The service or product you plan to offer. A key aspect of this section is to share what your product or service is and how it differs from everything else in your market. This is the section where you will list the type of equipment and inventory you have and describe your plans for upgrading or acquiring new equipment, and why. How you plan to be unique in your industry will be important. What do you plan to offer that a neighboring business may not have? How will you distinguish your company from all others? Make sure to reference the type of warranties you offer, including any vendor warranties. Talk about significant strategic partners and what they do for your business that helps you provide a better customer experience. This is where you persuade people that you are special and that you are easy to do business with. Find a way to be unique in a market and you can greatly enhance your opportunity for success.

The market potential for your service or product. Remember that you’ve got to persuade lenders, investors, employees and others that the market you’re after is large enough to support your plans for growth. You’ll need to do some research for this section.

You should visit local city or county planning departments to see what comprises the planning process for housing and commercial development. How many more homes are going to be built in your area of reach? Why will people be traveling past your place of business?  If you have a single-location store, you need to assess the demand for your offering within a  certain-mile radius, based on what you determine is a reasonable distance from your business. This could be as little as zero to five miles in a major metro market or up to 30 or more miles in rural markets. If you are a multi-store operator, then you can stretch and cover the ground in between, within reason, based on geography. If you’re nationwide or have customers all over the country, target specific regions or focus on certain areas to highlight your growth potential. You will need to look at your past customer base and see where the customers have come from. Zip code analysis is a feature in most management systems or you may have to go through closed orders manually. This information is critical to understanding where your future customers are going to come from. There are formulas that you can work with and most suppliers can help you understand what dollars available in a given zip code.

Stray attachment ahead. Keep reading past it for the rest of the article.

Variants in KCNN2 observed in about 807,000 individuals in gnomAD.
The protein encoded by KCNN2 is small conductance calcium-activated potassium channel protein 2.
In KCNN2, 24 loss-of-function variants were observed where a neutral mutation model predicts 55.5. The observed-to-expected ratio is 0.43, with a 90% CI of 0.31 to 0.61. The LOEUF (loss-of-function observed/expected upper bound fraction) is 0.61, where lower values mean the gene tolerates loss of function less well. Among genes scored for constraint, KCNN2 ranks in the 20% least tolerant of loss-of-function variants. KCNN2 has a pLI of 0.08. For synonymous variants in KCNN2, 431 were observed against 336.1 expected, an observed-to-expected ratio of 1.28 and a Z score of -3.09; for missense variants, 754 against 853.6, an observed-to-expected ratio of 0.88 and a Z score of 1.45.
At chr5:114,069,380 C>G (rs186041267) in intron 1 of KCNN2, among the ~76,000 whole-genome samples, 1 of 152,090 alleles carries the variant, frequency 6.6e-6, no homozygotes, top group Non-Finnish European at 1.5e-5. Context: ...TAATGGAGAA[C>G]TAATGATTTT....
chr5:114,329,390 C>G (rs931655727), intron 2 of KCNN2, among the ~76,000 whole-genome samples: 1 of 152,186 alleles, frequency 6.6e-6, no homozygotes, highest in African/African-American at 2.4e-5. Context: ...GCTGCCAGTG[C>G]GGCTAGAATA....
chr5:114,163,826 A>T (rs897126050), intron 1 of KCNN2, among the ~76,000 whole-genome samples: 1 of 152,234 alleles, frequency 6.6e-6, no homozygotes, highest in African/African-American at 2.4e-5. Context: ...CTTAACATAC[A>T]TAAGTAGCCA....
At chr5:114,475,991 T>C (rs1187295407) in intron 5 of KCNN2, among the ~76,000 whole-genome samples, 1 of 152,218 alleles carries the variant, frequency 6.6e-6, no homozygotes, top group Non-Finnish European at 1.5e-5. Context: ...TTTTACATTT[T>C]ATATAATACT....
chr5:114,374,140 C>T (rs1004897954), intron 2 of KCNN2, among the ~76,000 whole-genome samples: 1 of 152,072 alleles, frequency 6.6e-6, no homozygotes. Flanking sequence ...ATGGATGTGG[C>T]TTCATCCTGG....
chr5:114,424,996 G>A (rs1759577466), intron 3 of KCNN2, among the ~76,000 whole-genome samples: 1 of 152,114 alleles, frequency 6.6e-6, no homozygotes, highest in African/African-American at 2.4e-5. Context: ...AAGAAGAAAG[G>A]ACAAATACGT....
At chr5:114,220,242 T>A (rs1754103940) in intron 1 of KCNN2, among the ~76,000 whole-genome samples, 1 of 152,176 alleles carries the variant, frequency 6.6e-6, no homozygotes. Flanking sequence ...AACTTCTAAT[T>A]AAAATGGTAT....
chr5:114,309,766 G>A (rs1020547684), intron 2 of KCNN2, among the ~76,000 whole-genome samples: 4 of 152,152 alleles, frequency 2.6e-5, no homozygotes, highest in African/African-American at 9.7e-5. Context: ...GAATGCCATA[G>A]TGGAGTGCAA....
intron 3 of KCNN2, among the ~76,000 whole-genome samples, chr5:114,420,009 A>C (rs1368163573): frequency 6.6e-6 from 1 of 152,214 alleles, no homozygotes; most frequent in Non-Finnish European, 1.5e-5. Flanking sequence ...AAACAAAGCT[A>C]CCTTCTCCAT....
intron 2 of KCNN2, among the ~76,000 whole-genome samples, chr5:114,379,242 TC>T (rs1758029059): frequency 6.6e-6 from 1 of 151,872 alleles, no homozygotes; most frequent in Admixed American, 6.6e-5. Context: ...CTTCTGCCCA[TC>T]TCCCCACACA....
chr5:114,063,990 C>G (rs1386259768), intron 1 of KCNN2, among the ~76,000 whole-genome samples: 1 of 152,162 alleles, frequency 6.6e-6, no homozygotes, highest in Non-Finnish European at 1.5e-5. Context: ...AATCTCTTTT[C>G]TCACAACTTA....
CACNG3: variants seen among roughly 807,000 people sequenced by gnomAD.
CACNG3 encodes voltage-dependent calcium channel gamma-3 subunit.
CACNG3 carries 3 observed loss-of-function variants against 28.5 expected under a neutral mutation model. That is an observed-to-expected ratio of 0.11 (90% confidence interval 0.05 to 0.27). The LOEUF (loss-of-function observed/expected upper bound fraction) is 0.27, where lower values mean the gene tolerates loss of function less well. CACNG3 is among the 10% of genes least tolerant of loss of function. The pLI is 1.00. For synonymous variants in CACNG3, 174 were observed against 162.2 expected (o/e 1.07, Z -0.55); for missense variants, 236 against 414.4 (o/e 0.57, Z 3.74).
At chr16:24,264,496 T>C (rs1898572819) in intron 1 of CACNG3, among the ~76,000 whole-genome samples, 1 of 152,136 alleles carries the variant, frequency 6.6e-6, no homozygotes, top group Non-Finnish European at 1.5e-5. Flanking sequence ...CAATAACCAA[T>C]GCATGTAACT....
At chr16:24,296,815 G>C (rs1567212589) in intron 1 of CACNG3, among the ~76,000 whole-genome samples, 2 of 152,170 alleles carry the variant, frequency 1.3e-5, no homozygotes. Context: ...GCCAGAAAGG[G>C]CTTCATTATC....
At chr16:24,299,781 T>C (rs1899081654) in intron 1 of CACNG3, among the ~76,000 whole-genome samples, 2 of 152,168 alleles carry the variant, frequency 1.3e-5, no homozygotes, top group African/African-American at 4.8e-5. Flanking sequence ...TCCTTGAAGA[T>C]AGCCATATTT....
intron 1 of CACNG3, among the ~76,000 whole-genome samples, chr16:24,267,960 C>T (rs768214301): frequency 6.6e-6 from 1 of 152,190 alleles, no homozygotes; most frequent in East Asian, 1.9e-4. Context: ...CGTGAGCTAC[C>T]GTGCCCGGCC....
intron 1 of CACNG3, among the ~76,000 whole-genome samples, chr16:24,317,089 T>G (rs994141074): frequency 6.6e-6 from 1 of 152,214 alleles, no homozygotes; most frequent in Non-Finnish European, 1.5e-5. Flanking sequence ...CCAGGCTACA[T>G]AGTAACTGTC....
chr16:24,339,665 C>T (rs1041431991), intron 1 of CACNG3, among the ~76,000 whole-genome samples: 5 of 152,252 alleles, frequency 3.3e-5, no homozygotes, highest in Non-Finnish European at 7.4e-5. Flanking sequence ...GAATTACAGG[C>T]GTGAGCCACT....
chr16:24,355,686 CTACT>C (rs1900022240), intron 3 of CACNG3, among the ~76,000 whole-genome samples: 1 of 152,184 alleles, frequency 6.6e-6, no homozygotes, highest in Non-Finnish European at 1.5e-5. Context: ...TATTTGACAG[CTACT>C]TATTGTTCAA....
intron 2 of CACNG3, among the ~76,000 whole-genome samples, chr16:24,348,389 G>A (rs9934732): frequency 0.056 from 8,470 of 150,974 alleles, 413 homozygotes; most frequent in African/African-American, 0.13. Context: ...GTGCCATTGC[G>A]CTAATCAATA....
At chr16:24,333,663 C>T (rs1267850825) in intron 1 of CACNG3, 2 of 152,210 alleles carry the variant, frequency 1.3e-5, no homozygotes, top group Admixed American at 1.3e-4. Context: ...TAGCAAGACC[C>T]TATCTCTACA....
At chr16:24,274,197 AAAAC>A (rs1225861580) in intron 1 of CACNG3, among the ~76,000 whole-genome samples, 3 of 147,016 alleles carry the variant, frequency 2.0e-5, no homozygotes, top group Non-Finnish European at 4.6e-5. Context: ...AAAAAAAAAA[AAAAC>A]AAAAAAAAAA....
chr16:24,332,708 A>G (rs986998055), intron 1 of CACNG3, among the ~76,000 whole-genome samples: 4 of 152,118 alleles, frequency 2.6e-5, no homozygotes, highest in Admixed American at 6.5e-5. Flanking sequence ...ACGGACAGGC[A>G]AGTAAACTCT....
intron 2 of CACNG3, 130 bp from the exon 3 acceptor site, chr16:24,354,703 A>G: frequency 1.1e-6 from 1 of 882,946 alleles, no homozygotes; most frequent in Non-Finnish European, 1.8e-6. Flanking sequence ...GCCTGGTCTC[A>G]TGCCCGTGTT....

Then look at how many other like businesses are in your target market area. Is there over capacity or great opportunity?

A marketing strategy. How do you plan to tell the world (professional customers and DIYers) you’re open for business and you have built a better mousetrap? The marketing section should be an overview of how you will differentiate your message between consumers and wholesale accounts with strategies for each. You will want a marketing strategy, a message and an implementation plan.

Will you rely exclusively on word of mouth? (Today, you need to do more than that, even if you’ve already got a good reputation.) How will you advertise — in print, radio, television, on the Web or other ways? You’ll also need to include how much you plan to spend on marketing.